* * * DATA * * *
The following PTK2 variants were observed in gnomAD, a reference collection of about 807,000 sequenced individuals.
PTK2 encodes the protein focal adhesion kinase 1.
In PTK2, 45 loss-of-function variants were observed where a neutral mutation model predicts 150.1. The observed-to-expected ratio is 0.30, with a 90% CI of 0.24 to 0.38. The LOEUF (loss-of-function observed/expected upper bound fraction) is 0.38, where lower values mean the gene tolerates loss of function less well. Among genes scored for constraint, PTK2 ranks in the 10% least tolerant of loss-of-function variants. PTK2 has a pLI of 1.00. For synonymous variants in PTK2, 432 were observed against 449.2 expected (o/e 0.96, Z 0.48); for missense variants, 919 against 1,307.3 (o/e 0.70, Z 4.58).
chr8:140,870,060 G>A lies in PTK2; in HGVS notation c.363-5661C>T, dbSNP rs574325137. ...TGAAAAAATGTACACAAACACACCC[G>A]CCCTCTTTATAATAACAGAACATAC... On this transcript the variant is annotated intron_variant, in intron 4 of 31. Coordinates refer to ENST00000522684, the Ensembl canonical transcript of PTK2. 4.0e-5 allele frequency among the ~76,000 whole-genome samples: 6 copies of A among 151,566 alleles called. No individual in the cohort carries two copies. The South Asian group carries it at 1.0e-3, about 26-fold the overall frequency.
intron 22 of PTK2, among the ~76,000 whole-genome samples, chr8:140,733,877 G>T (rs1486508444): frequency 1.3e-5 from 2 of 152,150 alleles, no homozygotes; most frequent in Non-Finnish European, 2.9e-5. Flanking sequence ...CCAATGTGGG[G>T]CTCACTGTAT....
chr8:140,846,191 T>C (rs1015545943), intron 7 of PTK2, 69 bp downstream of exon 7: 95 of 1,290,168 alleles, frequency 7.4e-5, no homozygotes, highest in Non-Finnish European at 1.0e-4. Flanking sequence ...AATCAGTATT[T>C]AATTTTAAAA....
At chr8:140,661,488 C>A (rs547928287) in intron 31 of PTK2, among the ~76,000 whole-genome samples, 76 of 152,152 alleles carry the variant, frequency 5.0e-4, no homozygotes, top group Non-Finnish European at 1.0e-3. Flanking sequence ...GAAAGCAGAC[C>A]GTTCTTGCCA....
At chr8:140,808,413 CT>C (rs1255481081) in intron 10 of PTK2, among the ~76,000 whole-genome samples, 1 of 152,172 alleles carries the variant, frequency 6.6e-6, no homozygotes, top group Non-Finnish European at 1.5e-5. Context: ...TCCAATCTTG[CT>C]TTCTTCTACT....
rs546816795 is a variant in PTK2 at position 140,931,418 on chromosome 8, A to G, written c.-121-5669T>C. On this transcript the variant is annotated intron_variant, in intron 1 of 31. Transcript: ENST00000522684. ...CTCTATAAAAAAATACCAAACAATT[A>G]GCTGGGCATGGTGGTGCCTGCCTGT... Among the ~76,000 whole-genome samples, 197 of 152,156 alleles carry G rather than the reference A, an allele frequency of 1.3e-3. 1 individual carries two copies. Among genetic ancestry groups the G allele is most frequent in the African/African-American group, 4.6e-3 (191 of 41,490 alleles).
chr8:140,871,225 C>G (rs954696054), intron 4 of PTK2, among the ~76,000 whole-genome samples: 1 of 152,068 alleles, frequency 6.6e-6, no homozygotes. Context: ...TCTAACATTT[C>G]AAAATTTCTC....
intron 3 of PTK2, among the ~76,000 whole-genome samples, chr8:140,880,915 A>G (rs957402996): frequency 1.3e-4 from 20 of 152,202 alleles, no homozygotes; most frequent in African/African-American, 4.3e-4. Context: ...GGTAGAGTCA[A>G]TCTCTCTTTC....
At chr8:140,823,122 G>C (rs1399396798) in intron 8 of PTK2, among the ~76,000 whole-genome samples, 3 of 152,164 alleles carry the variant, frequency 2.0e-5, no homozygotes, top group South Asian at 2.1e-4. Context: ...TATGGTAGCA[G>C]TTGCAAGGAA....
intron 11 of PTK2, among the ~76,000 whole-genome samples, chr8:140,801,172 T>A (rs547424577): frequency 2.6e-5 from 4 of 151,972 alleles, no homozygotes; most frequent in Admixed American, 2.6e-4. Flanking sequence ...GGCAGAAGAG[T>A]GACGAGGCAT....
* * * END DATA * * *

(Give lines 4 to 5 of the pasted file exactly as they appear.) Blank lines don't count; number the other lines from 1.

chr8:140,870,060 G>A lies in PTK2; in HGVS notation c.363-5661C>T, dbSNP rs574325137. ...TGAAAAAATGTACACAAACACACCC[G>A]CCCTCTTTATAATAACAGAACATAC... On this transcript the variant is annotated intron_variant, in intron 4 of 31. Coordinates refer to ENST00000522684, the Ensembl canonical transcript of PTK2. 4.0e-5 allele frequency among the ~76,000 whole-genome samples: 6 copies of A among 151,566 alleles called. No individual in the cohort carries two copies. The South Asian group carries it at 1.0e-3, about 26-fold the overall frequency.
intron 22 of PTK2, among the ~76,000 whole-genome samples, chr8:140,733,877 G>T (rs1486508444): frequency 1.3e-5 from 2 of 152,150 alleles, no homozygotes; most frequent in Non-Finnish European, 2.9e-5. Flanking sequence ...CCAATGTGGG[G>T]CTCACTGTAT....